Sept, G9
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(Code and Color Key)
The Punctuation of Compounded Main Clauses
Exercise # 1
Analysis Key

Note: I don’t pay much attention to the students’ analysis of these sentences, primarily because I do not have that kind of time, and we do not have time to review the complete analysis in class. What I am interested in is how the students punctuate the sentences and the reason(s) they give. There are no “correct” answers in this type of exercise, because the question involved is What logic was the writer trying to express? I do, however, expect the students to use the logical connections explained in the instructional material. Thus, if a student uses a semicolon, I expect “contrast” as the reason, with some indication of what the student saw as the elements of the contrast (See below.) If the writer used a dash, I expect to see “Amplification, informal” as the reason. If a colon, “Amplification, formal.” As a pure matter of “correctness,” however, students could use a semicolon, dash, or colon to connect any two main clauses.

1. Some fans go {to a Major League game} {for a family day out or fun and enjoyment} [Adv. to “go” while *they are* {on vacation}]. | [; o] Others fall {under the drunkin’, the hardcore, or the concentration fans}. |

Reason:__semicolon – contrast between “some” and “others”______ 

2. More and more people are choosing to continue their education [#1] {at colleges and universities} {around the world}. | Some {of them} choose to stay [#2] {on campus}, or close by [#3]. | [; o] Others decide to travel larger distances [#4] daily to get [#4] {to their destination}. | [Combine the last two.] 

Reason:___ semicolon – contrast between “some” and “others” and between “close” and “distances”_

3. We, [Adj. to “We” who have owned dogs (DO)], probably remember them (DO) {as pups}. | We took these cute and harmless animals (DO) {into our homes}. | [; m] Many {of us} hunted {with them}. | [Combine the last two.]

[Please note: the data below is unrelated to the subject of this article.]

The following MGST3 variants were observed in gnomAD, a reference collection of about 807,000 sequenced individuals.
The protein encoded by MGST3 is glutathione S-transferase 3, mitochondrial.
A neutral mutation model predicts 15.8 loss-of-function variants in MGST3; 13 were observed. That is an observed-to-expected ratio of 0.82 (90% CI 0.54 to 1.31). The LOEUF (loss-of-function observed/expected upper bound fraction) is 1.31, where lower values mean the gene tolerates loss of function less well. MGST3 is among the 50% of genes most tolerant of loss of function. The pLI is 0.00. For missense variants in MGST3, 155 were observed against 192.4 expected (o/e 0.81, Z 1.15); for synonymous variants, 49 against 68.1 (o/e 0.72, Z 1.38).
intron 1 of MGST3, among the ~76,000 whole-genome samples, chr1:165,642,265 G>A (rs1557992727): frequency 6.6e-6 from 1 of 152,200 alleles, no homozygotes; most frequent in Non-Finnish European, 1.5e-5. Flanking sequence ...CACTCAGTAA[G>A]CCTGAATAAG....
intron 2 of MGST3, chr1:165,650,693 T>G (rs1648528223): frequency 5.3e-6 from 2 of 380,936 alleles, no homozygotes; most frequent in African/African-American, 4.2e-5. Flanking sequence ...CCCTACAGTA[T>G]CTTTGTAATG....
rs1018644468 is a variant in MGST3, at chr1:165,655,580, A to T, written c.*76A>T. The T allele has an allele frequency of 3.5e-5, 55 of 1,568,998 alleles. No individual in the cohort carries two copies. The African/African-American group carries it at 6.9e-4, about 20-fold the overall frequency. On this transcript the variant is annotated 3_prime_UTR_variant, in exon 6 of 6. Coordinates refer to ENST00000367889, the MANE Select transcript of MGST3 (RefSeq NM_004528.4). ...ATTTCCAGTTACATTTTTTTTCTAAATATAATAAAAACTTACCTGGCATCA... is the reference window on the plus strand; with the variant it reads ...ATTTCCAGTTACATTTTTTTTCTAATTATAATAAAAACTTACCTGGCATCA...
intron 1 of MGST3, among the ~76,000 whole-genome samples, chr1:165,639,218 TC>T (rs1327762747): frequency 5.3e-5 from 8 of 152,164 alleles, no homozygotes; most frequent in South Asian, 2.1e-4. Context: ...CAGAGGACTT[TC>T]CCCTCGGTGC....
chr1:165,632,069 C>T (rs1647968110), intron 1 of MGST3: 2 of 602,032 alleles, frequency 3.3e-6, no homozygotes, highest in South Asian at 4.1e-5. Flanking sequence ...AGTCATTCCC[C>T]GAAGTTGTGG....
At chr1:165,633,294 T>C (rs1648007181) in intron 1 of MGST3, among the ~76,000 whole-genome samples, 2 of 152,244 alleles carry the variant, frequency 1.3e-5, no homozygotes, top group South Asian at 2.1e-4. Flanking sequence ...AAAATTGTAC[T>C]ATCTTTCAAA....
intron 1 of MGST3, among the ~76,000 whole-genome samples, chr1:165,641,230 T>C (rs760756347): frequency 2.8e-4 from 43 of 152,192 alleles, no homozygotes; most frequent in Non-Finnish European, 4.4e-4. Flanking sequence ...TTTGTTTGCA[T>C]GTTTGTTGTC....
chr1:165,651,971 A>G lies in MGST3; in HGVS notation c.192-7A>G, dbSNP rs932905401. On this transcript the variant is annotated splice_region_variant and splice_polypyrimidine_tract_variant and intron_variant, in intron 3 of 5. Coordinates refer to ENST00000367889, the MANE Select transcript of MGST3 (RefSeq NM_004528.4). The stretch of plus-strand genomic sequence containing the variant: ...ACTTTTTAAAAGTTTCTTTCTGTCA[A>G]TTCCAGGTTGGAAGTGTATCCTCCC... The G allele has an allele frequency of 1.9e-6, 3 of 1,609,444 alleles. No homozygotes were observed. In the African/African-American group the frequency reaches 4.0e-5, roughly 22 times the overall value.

Reason:_A dash or colon is acceptable here, but it would suggest that the last sentence is basically an afterthought. A semicolon emphasizes the contrast between “cute and harmless” as opposed to “hunting” as well as a contrast between into the home as opposed to outside, A dash after “pups” would be interesting and suggest that the next two sentences amplify (add details) to the “remember them as pups.” That, however, raises a question – Did they hunt with them as pups? [Note that the purpose of this type of class discussion is not to determine the correctness or incorrectness of these specific sentences, but rather to get students thinking about the logic of sentence structure.]

4. What is the difference (PN) {between an amateur and a professional}? | The answer {to that} is easy (PA). | [: (or) – a] A professional gets paid (P) to make mistakes [#5]. |

Reason:__Colon, formal amplification, or dash, informal amplification. The last sentence is equal to “The answer.” 

5. The dog becomes much more [#6] {than a friend} {to some}. | [; (or): (or) – they] They affect the quality (DO) {of life} {for many} {of the disabled}. |

Reason:_The informal dash or the formal colon emphasize the “more than,” whereas the semicolon suggests a contrast between “friend” and “helper.”

1. ”Education” is the direct object of the infinitive “to continue.” The infinitive phrase is the direct object of “are choosing.”
2. “Stay” is an infinitive that functions as the direct object of “choose.”
3. If one wants to get technical, “by” is a preposition in an ellipsed phrase–“by *the campus*.” Some people will see the adverb “close” as modifying “stay,” and “by the campus” as modifying “close.” Others will explain “close” as modifying “by the campus,” and “by the campus” as modifying “stay.” I rarely get into explanations at this degree of technicality with students because there are more important things to do.
4. “Distances” is the direct object of the infinitive “to travel.” The infinitive phrase functions as the direct object of “decide.” The infinitive phrase based on “to get” functions as an adverb (of purpose) to “to travel.”
5. “Mistakes” is the direct object of the infinitive “to make.” The infinitive phrase functions as an adverb (of purpose?) to “gets paid”?
6. Grammarians will probably disagree about the function of “more.” Some will see it as a predicate (pro)noun (making “much” an adjective), whereas others will see it as a predicate adjective (making “much” an adverb). As always in KISS, either explanation is acceptable.